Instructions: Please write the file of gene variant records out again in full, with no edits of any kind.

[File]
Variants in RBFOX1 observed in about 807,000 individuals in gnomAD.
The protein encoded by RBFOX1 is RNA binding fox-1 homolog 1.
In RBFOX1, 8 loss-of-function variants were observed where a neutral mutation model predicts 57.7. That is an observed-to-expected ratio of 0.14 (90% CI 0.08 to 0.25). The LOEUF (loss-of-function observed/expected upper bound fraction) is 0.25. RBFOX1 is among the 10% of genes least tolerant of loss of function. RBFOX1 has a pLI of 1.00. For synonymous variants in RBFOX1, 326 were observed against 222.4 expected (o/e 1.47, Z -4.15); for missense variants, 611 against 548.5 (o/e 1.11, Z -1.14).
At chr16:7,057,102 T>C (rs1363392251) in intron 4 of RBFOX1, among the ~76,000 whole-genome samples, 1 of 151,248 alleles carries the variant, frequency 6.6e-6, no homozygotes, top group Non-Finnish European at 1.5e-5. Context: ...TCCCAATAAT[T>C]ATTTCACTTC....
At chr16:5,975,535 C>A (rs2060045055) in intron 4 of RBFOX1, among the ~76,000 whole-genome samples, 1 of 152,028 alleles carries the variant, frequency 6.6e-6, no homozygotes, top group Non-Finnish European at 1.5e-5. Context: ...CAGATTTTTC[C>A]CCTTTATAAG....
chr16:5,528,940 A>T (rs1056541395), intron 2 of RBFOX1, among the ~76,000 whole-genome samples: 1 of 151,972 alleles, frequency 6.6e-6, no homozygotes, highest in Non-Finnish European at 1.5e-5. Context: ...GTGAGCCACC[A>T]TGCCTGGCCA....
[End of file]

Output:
Variants in RBFOX1 observed in about 807,000 individuals in gnomAD.
The protein encoded by RBFOX1 is RNA binding fox-1 homolog 1.
In RBFOX1, 8 loss-of-function variants were observed where a neutral mutation model predicts 57.7. That is an observed-to-expected ratio of 0.14 (90% CI 0.08 to 0.25). The LOEUF (loss-of-function observed/expected upper bound fraction) is 0.25. RBFOX1 is among the 10% of genes least tolerant of loss of function. RBFOX1 has a pLI of 1.00. For synonymous variants in RBFOX1, 326 were observed against 222.4 expected (o/e 1.47, Z -4.15); for missense variants, 611 against 548.5 (o/e 1.11, Z -1.14).
At chr16:7,057,102 T>C (rs1363392251) in intron 4 of RBFOX1, among the ~76,000 whole-genome samples, 1 of 151,248 alleles carries the variant, frequency 6.6e-6, no homozygotes, top group Non-Finnish European at 1.5e-5. Context: ...TCCCAATAAT[T>C]ATTTCACTTC....
At chr16:5,975,535 C>A (rs2060045055) in intron 4 of RBFOX1, among the ~76,000 whole-genome samples, 1 of 152,028 alleles carries the variant, frequency 6.6e-6, no homozygotes, top group Non-Finnish European at 1.5e-5. Context: ...CAGATTTTTC[C>A]CCTTTATAAG....
chr16:5,528,940 A>T (rs1056541395), intron 2 of RBFOX1, among the ~76,000 whole-genome samples: 1 of 151,972 alleles, frequency 6.6e-6, no homozygotes, highest in Non-Finnish European at 1.5e-5. Context: ...GTGAGCCACC[A>T]TGCCTGGCCA....